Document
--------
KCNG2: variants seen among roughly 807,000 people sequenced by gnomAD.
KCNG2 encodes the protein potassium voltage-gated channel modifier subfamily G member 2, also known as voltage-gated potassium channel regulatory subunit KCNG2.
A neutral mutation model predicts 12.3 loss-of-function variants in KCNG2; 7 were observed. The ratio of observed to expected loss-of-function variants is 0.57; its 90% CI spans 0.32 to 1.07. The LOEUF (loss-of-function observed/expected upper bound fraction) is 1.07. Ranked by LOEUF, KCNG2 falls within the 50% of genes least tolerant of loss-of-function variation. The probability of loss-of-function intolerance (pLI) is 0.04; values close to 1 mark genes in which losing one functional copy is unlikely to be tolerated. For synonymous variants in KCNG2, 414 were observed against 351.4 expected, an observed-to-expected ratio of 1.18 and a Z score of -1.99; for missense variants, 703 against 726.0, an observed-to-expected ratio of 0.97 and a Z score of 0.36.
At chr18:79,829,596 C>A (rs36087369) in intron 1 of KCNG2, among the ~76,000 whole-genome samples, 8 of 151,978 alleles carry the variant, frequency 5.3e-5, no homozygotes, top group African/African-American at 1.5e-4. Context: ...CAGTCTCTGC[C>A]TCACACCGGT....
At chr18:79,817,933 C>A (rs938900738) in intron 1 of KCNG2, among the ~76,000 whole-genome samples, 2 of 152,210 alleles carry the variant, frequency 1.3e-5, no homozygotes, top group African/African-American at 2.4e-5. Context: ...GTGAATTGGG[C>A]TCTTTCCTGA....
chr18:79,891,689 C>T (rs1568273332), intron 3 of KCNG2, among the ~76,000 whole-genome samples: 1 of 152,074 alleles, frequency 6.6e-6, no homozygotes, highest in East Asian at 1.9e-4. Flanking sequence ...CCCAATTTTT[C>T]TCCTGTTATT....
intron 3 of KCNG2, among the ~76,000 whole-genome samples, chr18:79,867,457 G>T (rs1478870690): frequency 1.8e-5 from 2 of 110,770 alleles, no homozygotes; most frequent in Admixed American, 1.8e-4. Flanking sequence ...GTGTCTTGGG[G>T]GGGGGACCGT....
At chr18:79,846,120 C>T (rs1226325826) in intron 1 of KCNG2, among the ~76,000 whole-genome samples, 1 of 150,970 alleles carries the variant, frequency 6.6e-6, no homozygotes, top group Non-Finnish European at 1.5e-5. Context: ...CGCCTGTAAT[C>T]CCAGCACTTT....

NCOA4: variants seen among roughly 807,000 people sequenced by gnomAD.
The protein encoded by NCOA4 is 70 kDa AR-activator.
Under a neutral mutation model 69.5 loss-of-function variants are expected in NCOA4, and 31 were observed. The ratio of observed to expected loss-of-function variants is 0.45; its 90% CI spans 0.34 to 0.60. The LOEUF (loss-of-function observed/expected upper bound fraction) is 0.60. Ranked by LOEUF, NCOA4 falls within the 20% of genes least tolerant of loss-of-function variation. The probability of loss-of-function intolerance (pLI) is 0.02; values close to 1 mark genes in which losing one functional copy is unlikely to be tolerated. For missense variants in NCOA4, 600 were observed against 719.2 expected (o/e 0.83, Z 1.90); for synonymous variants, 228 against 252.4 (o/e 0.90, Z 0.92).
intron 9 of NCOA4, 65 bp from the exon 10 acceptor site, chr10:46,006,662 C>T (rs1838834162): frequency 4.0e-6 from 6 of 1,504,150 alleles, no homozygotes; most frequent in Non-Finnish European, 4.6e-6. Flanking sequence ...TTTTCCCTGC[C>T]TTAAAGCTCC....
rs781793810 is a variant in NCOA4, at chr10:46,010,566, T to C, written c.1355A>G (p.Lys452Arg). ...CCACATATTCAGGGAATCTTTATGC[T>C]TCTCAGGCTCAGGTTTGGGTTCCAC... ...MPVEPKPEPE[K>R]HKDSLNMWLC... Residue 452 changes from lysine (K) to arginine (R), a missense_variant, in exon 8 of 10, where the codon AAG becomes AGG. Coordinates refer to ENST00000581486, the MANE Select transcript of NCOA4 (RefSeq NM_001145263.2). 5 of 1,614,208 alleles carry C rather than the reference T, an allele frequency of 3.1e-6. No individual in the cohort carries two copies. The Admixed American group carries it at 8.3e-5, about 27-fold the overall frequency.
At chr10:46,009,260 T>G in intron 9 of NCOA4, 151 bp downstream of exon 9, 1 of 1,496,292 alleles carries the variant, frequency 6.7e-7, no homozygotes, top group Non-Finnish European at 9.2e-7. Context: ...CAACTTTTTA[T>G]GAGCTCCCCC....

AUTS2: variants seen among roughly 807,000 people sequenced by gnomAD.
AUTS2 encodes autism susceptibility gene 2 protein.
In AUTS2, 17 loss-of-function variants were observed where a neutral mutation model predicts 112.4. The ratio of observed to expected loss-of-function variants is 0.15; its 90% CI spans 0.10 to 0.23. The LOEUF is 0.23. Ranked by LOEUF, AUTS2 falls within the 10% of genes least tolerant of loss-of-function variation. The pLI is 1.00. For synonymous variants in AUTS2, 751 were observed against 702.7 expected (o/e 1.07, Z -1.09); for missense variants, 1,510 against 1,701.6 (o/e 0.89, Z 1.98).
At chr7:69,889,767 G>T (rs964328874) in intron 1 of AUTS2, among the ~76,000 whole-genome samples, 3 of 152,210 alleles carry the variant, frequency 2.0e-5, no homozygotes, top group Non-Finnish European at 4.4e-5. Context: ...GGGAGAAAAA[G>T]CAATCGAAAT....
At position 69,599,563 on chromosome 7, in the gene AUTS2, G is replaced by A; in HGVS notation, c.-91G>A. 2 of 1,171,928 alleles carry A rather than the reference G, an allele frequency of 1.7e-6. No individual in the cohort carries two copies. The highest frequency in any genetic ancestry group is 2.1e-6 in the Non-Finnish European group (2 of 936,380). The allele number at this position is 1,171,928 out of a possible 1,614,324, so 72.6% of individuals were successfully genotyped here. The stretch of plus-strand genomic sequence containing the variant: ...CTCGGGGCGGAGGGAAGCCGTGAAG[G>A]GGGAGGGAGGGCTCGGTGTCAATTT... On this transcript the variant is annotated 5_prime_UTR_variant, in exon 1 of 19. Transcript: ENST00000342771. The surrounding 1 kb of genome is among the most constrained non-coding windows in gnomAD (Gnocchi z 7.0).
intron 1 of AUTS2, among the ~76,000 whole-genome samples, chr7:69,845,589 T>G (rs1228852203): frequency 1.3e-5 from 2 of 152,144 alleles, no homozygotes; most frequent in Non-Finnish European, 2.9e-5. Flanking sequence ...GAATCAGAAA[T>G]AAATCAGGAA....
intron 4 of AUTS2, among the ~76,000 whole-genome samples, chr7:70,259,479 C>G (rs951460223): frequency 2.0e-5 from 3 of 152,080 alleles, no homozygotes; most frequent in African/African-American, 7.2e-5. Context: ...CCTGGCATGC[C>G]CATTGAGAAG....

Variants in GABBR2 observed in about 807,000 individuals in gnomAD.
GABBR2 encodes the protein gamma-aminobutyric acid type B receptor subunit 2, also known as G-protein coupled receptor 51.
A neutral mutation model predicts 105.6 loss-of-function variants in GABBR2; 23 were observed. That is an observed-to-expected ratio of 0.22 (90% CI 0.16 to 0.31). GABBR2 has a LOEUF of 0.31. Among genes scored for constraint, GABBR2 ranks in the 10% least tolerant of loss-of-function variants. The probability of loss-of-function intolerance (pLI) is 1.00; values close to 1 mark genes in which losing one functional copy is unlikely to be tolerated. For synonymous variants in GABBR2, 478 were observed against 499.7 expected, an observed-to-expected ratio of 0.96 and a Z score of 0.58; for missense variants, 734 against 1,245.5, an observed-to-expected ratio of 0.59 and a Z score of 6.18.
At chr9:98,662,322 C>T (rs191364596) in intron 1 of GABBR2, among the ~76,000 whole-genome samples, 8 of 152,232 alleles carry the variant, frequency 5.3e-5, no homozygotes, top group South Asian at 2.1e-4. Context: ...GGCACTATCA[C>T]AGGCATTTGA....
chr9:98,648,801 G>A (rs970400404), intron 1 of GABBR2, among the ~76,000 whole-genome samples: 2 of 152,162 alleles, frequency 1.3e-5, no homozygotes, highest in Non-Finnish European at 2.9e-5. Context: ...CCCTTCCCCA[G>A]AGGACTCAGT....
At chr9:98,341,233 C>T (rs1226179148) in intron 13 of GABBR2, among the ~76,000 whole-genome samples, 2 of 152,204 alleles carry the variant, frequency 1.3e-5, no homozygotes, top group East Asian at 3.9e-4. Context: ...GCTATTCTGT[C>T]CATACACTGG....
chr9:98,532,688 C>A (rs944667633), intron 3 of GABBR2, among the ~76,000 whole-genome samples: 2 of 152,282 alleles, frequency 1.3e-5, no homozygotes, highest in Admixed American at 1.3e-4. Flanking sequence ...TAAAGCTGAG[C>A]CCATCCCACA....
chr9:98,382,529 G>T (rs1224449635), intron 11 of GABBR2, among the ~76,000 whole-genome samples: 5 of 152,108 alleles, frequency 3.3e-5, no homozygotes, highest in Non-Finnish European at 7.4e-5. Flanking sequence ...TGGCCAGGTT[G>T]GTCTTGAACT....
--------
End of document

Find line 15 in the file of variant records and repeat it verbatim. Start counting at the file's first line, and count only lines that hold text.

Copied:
AUTS2: variants seen among roughly 807,000 people sequenced by gnomAD.